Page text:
Even with a recent increase in pricing, Kentucky Bourbon producers like Buffalo Trace continue to provide plenty of bang for the buck, simply because they're making so much product. The larger the production numbers, the lower the price paid per unit. We just have to hope that the increase in goods produced doesn't lower the overall quality. Let's put whisk(e)y aside however, only because we've beaten this subject like a dead horse. What about gin? Most "craft" or small production gins come in at the $30 to $40 price point. If they're really good, then they're worth it. Yet, look at Citadelle for $20. Look at the Royal Dock at a whopping Navy Strength for $28. Plymouth's Navy Strength for $33 is perhaps the best gin I've had in months and that takes me twice as long to drink because it's 57%. That's like an extra half bottle!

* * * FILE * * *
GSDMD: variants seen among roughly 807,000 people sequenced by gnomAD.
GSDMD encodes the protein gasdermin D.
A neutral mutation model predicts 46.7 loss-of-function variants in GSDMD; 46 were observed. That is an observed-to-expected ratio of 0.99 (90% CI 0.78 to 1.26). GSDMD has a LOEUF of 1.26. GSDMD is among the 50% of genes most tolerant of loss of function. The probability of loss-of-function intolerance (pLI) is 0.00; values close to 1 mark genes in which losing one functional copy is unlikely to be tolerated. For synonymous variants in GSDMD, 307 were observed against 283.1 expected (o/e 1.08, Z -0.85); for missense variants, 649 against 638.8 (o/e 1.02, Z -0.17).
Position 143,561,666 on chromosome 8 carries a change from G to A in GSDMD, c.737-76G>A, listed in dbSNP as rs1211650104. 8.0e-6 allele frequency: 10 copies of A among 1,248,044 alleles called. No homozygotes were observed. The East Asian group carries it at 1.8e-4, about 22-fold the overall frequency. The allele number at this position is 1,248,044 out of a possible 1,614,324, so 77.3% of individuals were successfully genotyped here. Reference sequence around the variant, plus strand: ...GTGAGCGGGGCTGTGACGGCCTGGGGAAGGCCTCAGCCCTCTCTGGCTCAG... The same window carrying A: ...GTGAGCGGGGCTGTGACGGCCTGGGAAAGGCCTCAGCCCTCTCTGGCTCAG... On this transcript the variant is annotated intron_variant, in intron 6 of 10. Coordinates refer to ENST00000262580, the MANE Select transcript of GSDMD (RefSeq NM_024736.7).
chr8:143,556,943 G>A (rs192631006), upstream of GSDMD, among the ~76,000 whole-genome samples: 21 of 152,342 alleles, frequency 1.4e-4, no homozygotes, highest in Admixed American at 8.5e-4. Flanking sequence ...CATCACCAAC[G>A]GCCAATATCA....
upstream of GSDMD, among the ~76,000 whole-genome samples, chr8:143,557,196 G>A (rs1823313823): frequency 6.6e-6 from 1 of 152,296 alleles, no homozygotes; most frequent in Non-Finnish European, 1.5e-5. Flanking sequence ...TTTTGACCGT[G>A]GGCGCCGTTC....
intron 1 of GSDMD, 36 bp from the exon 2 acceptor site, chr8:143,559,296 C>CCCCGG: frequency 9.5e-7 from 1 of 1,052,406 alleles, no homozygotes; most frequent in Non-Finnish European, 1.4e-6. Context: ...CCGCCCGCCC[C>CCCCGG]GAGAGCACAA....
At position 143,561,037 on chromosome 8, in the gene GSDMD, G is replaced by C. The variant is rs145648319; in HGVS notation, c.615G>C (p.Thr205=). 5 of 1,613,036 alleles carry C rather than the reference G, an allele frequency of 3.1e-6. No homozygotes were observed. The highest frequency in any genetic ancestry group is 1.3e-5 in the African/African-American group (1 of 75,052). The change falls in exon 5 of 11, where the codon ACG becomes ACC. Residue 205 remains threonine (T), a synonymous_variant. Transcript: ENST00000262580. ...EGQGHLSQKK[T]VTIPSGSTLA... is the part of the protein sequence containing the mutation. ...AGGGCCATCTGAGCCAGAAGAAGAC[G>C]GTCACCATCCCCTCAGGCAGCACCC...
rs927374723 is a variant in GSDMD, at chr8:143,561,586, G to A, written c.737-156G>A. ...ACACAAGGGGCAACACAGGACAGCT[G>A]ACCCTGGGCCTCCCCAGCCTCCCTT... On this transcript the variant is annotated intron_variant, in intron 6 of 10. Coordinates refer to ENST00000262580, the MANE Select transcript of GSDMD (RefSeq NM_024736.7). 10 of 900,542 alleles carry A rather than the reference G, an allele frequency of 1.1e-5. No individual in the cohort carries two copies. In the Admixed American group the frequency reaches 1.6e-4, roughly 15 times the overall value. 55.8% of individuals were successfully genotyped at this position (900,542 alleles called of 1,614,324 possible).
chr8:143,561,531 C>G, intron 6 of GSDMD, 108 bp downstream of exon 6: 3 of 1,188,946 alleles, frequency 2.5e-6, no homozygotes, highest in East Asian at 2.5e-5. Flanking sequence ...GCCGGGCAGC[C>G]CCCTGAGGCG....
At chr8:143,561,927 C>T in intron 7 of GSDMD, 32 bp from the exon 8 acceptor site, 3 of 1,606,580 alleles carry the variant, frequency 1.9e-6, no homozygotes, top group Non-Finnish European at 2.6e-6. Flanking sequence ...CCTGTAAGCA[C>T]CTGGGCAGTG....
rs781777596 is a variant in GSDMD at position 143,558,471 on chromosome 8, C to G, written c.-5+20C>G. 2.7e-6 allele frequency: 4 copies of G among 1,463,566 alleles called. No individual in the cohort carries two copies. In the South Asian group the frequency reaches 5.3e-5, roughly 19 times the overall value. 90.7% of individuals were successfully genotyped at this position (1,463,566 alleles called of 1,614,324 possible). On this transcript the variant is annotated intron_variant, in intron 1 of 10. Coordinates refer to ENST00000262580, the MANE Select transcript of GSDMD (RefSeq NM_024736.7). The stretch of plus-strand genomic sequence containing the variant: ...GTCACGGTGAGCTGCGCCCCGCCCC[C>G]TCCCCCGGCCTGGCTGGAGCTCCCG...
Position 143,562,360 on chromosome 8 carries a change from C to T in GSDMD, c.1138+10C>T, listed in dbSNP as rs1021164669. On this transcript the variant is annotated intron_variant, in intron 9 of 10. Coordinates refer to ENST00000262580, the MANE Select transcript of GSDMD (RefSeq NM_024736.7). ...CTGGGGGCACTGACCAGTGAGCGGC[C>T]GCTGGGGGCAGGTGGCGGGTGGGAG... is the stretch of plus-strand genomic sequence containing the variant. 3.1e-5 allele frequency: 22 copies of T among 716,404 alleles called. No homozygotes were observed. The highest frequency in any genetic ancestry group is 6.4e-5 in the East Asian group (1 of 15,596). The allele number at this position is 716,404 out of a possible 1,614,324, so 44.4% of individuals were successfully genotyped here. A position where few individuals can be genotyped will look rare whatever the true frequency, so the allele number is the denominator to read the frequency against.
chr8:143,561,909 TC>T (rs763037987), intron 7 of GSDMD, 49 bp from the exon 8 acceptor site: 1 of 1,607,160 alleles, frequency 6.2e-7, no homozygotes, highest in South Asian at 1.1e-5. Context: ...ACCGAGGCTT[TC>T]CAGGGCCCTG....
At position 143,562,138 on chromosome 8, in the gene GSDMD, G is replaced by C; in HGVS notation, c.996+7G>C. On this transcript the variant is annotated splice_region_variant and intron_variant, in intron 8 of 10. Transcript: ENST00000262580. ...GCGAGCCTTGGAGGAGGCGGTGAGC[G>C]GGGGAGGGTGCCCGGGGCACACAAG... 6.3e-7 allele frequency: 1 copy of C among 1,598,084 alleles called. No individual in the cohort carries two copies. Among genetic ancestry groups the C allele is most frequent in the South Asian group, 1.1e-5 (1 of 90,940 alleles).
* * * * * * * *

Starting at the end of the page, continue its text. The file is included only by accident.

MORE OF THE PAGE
Brands understand that to stand victorious over the new craft spirit movement, they will have to work smarter and cheaper. And they can do it. Small producers cannot afford to take risks or take the hit. $5000 on discounts or rebates to key retailers is nothing to a big brand. It can make or break a new distillery, however. I'm getting phone calls from labels we haven't carried in years and their ideas are finally starting to make sense. "You've revamped your juice, changed your label, and lowered your prices? I'm listening!" The price discrepancy between large brands and craft distillers has been so large that many producers have been able to raise their prices, yet still offer value in comparison to their smaller competitors. Now is where the romance angle comes back into play.